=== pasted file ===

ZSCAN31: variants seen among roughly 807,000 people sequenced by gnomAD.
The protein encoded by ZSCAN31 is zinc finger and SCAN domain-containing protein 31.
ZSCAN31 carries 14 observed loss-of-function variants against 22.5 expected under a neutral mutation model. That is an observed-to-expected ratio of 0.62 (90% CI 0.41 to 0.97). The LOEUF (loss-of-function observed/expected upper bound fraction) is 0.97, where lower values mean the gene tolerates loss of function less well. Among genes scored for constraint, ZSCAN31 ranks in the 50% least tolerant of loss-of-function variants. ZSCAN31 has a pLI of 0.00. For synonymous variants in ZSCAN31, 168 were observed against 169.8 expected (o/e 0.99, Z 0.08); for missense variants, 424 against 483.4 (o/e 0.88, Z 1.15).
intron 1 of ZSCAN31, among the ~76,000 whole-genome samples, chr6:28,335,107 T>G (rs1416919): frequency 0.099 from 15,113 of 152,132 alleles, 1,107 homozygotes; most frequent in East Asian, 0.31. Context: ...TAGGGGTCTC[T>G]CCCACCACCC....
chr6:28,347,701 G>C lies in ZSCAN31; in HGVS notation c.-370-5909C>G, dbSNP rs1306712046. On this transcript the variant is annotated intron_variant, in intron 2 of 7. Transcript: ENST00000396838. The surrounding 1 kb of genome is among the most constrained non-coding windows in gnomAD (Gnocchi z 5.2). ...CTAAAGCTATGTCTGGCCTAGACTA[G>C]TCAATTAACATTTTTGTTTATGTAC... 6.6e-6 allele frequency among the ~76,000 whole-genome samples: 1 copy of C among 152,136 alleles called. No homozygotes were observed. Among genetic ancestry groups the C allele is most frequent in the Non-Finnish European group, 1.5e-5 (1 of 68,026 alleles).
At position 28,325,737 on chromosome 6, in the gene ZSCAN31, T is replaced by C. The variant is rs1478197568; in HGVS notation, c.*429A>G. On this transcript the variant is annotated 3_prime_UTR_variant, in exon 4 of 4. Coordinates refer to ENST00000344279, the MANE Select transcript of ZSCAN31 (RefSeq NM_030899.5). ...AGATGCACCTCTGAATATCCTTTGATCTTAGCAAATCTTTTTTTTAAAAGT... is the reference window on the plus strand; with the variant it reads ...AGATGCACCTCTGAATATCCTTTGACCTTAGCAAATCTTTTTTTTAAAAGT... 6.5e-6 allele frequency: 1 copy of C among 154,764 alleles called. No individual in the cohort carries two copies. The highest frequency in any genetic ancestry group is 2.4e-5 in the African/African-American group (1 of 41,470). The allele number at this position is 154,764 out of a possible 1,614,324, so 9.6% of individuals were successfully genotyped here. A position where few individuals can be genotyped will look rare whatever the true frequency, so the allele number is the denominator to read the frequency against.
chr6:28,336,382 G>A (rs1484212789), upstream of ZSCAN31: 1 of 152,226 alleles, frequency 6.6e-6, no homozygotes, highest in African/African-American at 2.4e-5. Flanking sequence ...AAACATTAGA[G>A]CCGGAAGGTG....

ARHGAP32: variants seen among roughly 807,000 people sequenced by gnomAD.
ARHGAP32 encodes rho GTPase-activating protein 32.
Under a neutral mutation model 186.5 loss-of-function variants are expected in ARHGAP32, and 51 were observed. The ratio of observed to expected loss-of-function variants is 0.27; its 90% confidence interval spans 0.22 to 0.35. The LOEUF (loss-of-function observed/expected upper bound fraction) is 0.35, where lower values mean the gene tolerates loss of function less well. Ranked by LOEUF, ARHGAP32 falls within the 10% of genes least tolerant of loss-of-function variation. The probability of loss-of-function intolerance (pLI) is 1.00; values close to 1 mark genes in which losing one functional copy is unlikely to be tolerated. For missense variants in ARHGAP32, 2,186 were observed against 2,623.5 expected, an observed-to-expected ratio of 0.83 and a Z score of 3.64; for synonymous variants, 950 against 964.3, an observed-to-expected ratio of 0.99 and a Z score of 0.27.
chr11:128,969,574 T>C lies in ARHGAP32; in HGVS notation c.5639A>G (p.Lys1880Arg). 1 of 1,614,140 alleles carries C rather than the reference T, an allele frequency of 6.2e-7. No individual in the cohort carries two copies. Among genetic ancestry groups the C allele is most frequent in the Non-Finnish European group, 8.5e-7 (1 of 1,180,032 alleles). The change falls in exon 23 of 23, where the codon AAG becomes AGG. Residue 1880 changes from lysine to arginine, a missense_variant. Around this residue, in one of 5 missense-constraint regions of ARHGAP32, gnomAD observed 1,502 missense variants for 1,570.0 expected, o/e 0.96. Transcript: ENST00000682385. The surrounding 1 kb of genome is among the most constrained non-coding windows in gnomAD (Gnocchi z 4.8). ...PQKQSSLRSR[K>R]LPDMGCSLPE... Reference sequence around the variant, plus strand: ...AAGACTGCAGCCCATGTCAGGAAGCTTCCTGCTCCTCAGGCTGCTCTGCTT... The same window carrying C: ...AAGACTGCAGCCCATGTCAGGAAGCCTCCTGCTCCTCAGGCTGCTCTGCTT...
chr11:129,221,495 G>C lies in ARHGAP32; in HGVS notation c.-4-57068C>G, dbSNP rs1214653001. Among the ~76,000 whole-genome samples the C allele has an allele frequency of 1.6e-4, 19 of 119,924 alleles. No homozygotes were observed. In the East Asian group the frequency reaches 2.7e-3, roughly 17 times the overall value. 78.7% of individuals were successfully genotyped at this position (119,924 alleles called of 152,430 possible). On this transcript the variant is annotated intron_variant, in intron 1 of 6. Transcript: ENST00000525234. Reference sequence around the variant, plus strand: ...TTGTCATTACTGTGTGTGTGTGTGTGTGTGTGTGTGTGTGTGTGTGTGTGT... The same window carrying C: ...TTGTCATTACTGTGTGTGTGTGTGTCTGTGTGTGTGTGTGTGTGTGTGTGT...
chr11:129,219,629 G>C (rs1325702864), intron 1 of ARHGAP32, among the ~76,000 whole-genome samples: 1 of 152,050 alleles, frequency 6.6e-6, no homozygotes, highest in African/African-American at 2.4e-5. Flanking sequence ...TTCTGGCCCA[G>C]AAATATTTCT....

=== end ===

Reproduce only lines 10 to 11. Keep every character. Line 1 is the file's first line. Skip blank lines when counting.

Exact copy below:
Under a neutral mutation model 186.5 loss-of-function variants are expected in ARHGAP32, and 51 were observed. The ratio of observed to expected loss-of-function variants is 0.27; its 90% confidence interval spans 0.22 to 0.35. The LOEUF (loss-of-function observed/expected upper bound fraction) is 0.35, where lower values mean the gene tolerates loss of function less well. Ranked by LOEUF, ARHGAP32 falls within the 10% of genes least tolerant of loss-of-function variation. The probability of loss-of-function intolerance (pLI) is 1.00; values close to 1 mark genes in which losing one functional copy is unlikely to be tolerated. For missense variants in ARHGAP32, 2,186 were observed against 2,623.5 expected, an observed-to-expected ratio of 0.83 and a Z score of 3.64; for synonymous variants, 950 against 964.3, an observed-to-expected ratio of 0.99 and a Z score of 0.27.
chr11:128,969,574 T>C lies in ARHGAP32; in HGVS notation c.5639A>G (p.Lys1880Arg). 1 of 1,614,140 alleles carries C rather than the reference T, an allele frequency of 6.2e-7. No individual in the cohort carries two copies. Among genetic ancestry groups the C allele is most frequent in the Non-Finnish European group, 8.5e-7 (1 of 1,180,032 alleles). The change falls in exon 23 of 23, where the codon AAG becomes AGG. Residue 1880 changes from lysine to arginine, a missense_variant. Around this residue, in one of 5 missense-constraint regions of ARHGAP32, gnomAD observed 1,502 missense variants for 1,570.0 expected, o/e 0.96. Transcript: ENST00000682385. The surrounding 1 kb of genome is among the most constrained non-coding windows in gnomAD (Gnocchi z 4.8). ...PQKQSSLRSR[K>R]LPDMGCSLPE... Reference sequence around the variant, plus strand: ...AAGACTGCAGCCCATGTCAGGAAGCTTCCTGCTCCTCAGGCTGCTCTGCTT... The same window carrying C: ...AAGACTGCAGCCCATGTCAGGAAGCCTCCTGCTCCTCAGGCTGCTCTGCTT...